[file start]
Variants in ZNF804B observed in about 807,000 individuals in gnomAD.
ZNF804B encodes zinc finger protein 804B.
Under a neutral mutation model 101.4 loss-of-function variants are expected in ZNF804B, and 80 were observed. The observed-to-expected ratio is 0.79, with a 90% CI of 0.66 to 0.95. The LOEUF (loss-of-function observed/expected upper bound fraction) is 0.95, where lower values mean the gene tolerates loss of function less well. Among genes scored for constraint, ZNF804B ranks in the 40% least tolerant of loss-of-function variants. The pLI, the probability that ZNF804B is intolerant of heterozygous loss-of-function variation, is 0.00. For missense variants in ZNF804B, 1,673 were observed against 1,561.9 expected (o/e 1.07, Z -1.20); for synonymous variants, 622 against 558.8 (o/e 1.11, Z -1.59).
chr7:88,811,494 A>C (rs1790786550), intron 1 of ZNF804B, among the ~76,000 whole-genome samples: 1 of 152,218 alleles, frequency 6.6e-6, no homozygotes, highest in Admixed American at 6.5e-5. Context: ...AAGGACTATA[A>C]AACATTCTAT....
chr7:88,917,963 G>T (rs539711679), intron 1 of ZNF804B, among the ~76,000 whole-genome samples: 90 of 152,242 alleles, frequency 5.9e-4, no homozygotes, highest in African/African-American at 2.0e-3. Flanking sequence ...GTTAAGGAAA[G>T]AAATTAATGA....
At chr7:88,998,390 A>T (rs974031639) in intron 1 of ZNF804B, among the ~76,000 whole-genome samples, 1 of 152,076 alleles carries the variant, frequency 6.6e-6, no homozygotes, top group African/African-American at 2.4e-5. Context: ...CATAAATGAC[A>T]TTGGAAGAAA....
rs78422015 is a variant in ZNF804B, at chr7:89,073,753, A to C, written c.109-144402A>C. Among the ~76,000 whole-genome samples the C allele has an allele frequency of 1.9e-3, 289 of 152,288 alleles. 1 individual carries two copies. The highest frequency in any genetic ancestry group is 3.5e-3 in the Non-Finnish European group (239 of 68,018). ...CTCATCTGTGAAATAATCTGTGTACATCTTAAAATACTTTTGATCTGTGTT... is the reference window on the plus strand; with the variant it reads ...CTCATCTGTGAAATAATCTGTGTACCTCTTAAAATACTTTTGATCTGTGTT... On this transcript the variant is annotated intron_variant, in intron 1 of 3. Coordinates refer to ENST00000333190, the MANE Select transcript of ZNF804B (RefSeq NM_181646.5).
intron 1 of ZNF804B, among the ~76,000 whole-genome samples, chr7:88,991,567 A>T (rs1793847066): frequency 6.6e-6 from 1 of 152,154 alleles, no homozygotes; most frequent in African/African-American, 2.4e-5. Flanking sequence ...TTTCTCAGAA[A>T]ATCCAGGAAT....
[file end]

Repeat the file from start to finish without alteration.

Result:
Variants in ZNF804B observed in about 807,000 individuals in gnomAD.
ZNF804B encodes zinc finger protein 804B.
Under a neutral mutation model 101.4 loss-of-function variants are expected in ZNF804B, and 80 were observed. The observed-to-expected ratio is 0.79, with a 90% CI of 0.66 to 0.95. The LOEUF (loss-of-function observed/expected upper bound fraction) is 0.95, where lower values mean the gene tolerates loss of function less well. Among genes scored for constraint, ZNF804B ranks in the 40% least tolerant of loss-of-function variants. The pLI, the probability that ZNF804B is intolerant of heterozygous loss-of-function variation, is 0.00. For missense variants in ZNF804B, 1,673 were observed against 1,561.9 expected (o/e 1.07, Z -1.20); for synonymous variants, 622 against 558.8 (o/e 1.11, Z -1.59).
chr7:88,811,494 A>C (rs1790786550), intron 1 of ZNF804B, among the ~76,000 whole-genome samples: 1 of 152,218 alleles, frequency 6.6e-6, no homozygotes, highest in Admixed American at 6.5e-5. Context: ...AAGGACTATA[A>C]AACATTCTAT....
chr7:88,917,963 G>T (rs539711679), intron 1 of ZNF804B, among the ~76,000 whole-genome samples: 90 of 152,242 alleles, frequency 5.9e-4, no homozygotes, highest in African/African-American at 2.0e-3. Flanking sequence ...GTTAAGGAAA[G>T]AAATTAATGA....
At chr7:88,998,390 A>T (rs974031639) in intron 1 of ZNF804B, among the ~76,000 whole-genome samples, 1 of 152,076 alleles carries the variant, frequency 6.6e-6, no homozygotes, top group African/African-American at 2.4e-5. Context: ...CATAAATGAC[A>T]TTGGAAGAAA....
rs78422015 is a variant in ZNF804B, at chr7:89,073,753, A to C, written c.109-144402A>C. Among the ~76,000 whole-genome samples the C allele has an allele frequency of 1.9e-3, 289 of 152,288 alleles. 1 individual carries two copies. The highest frequency in any genetic ancestry group is 3.5e-3 in the Non-Finnish European group (239 of 68,018). ...CTCATCTGTGAAATAATCTGTGTACATCTTAAAATACTTTTGATCTGTGTT... is the reference window on the plus strand; with the variant it reads ...CTCATCTGTGAAATAATCTGTGTACCTCTTAAAATACTTTTGATCTGTGTT... On this transcript the variant is annotated intron_variant, in intron 1 of 3. Coordinates refer to ENST00000333190, the MANE Select transcript of ZNF804B (RefSeq NM_181646.5).
intron 1 of ZNF804B, among the ~76,000 whole-genome samples, chr7:88,991,567 A>T (rs1793847066): frequency 6.6e-6 from 1 of 152,154 alleles, no homozygotes; most frequent in African/African-American, 2.4e-5. Flanking sequence ...TTTCTCAGAA[A>T]ATCCAGGAAT....